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Why Ranking #1 Does Not Always Equal Improved Leads or Sales

22 January 2019 | 0 comments | Posted by Che Kohler in nichemarket Advice

Why ranking number one doesn't matter

Let me start by saying, Yes I realise the title of the post is a bit controversial and leans towards click bait, but I feel it's a question many of you website owners have been asking yourselves.

So let's paint a little scenario, shall we?

  • You've got a little WordPress, Wix or Shopify site and it's been running for a while, you're doing a bit of DIY SEO, or you've hired a freelancer or remote worker to optimise your site. 
  • You're receiving ranking reports, or you've been checking rankings manually, and you have grabbed a few #1 spots for specific keywords
  • You check Google analytics but the traffic just isn't coming, and worse the leads and sales aren't either

Sound familiar? I bet it does or you wouldn't be reading this post looking for answers. 

Look don't get me wrong, rankings matter, they matter a whole lot. If rankings didn’t matter, I wouldn’t have a job nor would I have spent the last five years of my life monitoring them like a mad man (Not to be confused with Donald Draper)

What does ranking #1 mean?

While rankings do matter and this may sound counter-intuitive, but ranking #1 doesn’t always matter. At least, it doesn’t matter nearly as much as it used to. As an SEO my job is not making you rank #1 that is a by-product of the process. I'm here to improve your reach, target the correct keywords and improve your traffic and leads over time.

In the world of digital marketing, ranking number 1 should never be your ultimate goal. So many business owners have seriously been misled by tracking and focusing on rankings.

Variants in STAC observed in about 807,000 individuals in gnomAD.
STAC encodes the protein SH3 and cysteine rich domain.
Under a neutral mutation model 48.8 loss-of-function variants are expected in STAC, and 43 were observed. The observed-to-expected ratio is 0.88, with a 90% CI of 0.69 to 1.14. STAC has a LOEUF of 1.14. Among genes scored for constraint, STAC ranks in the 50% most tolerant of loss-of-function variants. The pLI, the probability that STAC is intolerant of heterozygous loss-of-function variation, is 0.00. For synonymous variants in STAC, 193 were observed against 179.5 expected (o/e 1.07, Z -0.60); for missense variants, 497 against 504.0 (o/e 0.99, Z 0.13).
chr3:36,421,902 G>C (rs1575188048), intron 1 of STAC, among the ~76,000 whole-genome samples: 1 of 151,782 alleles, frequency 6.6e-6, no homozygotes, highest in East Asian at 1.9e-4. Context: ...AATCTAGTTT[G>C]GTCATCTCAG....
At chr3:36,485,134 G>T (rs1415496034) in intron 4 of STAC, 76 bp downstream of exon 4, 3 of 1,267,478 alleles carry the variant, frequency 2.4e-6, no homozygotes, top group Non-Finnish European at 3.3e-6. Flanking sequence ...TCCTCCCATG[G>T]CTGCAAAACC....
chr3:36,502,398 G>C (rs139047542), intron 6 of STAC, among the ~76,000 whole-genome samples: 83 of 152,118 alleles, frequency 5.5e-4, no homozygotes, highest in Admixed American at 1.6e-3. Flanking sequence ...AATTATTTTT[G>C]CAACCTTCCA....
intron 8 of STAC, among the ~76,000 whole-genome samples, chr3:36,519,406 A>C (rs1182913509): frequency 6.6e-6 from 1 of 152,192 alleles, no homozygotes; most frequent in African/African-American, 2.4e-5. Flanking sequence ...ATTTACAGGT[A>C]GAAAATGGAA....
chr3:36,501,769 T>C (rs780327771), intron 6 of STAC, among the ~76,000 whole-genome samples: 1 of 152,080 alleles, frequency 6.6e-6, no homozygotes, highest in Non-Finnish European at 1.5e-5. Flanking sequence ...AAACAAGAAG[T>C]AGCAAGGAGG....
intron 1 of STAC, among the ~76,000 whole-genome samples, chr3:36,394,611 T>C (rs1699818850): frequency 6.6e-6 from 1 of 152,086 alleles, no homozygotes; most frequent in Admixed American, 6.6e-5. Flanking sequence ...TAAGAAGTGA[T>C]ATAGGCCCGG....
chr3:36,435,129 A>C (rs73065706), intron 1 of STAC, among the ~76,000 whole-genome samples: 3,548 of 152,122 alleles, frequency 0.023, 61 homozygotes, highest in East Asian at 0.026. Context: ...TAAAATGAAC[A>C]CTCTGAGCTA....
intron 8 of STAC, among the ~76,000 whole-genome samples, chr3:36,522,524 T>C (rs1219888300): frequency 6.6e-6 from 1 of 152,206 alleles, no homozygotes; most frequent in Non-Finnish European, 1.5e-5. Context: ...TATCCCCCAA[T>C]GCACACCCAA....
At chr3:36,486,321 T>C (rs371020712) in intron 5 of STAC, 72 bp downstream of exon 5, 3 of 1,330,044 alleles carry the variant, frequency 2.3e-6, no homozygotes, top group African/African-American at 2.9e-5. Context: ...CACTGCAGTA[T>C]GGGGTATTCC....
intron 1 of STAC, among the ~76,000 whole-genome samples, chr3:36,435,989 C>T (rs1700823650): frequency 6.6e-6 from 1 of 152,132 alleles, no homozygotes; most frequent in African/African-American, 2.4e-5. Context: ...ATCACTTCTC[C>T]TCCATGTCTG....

As "search" continues to become a more personalised experience ranking will matter less and less as SERPs (Search Engine Result Pages) become more and more dynamic.

But this is not why what you wanted to hear, you want to know why you're #1 ranking isn't shooting out the lights. Well here are the top reasons why ranking number 1 can still mean little to nothing for your business.

Geo-location changes everything

Search results change dramatically factoring in a user’s physical location. Location is one of the most significant hurdles to tracking rankings effectively – your business could rank #1 and #7 simultaneously for the same search phrase based on where the user is searching from and if they are using a mobile or desktop device. 

To test this feature why not try Googling the same phrase in Incognito mode on your desktop and mobile at home and work and see how your results vary.

How to fix it

If your business focuses on a specific location make sure your NAP (Name Address and Phone) is consistent throughout all your digital assets to ensure you're feeding Google all the correct information to supply its users with the results. 

For more on NAP, check out my post - Why Your Local Business Cannot Be Found Online

If your site services a range of locations, then you should be creating geo-location targetting pages to match with various user searches. 

Position zero and the answer box 

Google's job is not to rank the best websites but to provide users with the quickest answer to their queries and in some cases, an "instant answer" is just what users want. 

We as SEO's refer to this space above search results as position 0, a converted spot reserved for less than 5% of queries, but one business should aim for none the less.

Google can recognise information on sites to provide the best answer to this question and reward sites with a spot in the "Answer Box".

 Acquiring an answer box for your site is a challenging thing to do, but a great way to stand out.

We've also seen that position 0 can attract a lot high CTR's than the traditional ten results and over time, this could see your site move up the rankings so you could end up with two spots above the fold, increasing your likelihood of winning that click.